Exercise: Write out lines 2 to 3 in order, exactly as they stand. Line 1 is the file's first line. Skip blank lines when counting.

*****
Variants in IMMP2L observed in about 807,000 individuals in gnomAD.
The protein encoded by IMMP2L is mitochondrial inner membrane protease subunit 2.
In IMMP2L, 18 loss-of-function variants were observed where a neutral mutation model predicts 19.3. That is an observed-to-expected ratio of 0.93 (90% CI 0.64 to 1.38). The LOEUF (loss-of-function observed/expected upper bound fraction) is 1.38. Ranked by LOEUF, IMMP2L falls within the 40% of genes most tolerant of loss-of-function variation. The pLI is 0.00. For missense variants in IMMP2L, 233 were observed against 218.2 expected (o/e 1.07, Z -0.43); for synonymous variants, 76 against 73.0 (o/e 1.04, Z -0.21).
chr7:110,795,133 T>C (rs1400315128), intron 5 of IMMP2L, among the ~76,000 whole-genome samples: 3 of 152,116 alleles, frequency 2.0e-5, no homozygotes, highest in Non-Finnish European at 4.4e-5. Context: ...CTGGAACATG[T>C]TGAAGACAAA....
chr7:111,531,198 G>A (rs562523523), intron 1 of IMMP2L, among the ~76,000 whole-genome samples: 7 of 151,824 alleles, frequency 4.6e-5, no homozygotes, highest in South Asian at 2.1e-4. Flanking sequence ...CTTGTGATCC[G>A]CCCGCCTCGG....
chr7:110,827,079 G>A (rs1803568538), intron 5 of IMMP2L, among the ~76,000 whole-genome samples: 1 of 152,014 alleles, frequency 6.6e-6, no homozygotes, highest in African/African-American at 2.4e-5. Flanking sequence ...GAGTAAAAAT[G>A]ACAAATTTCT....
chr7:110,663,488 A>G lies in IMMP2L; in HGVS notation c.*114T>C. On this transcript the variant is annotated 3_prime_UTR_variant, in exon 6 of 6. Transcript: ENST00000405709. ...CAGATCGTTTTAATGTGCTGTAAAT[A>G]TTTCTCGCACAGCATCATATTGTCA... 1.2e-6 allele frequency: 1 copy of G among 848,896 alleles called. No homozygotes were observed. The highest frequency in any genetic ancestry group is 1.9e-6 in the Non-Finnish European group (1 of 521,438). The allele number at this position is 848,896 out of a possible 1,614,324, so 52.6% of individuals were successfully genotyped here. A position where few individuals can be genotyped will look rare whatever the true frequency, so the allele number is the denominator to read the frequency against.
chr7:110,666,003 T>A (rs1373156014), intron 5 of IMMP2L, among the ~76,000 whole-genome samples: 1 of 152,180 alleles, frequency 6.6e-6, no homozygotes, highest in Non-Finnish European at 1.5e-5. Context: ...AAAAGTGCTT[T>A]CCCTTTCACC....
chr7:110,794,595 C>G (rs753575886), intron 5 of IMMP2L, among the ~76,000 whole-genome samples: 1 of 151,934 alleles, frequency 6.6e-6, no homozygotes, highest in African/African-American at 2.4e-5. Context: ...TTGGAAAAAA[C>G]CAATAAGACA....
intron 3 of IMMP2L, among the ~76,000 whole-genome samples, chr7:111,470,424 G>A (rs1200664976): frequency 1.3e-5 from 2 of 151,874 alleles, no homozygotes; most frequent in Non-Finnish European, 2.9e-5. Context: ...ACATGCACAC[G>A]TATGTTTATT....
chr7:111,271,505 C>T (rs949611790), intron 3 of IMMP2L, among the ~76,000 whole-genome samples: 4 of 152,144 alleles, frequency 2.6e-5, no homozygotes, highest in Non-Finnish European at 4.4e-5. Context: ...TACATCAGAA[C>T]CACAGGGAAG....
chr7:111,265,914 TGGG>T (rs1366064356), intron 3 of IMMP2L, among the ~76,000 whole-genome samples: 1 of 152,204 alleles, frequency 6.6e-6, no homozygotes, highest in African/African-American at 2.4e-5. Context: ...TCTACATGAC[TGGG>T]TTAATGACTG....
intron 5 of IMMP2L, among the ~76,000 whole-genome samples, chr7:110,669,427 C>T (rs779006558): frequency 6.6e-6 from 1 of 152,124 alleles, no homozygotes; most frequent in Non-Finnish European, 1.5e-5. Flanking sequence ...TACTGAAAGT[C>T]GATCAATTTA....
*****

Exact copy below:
The protein encoded by IMMP2L is mitochondrial inner membrane protease subunit 2.
In IMMP2L, 18 loss-of-function variants were observed where a neutral mutation model predicts 19.3. That is an observed-to-expected ratio of 0.93 (90% CI 0.64 to 1.38). The LOEUF (loss-of-function observed/expected upper bound fraction) is 1.38. Ranked by LOEUF, IMMP2L falls within the 40% of genes most tolerant of loss-of-function variation. The pLI is 0.00. For missense variants in IMMP2L, 233 were observed against 218.2 expected (o/e 1.07, Z -0.43); for synonymous variants, 76 against 73.0 (o/e 1.04, Z -0.21).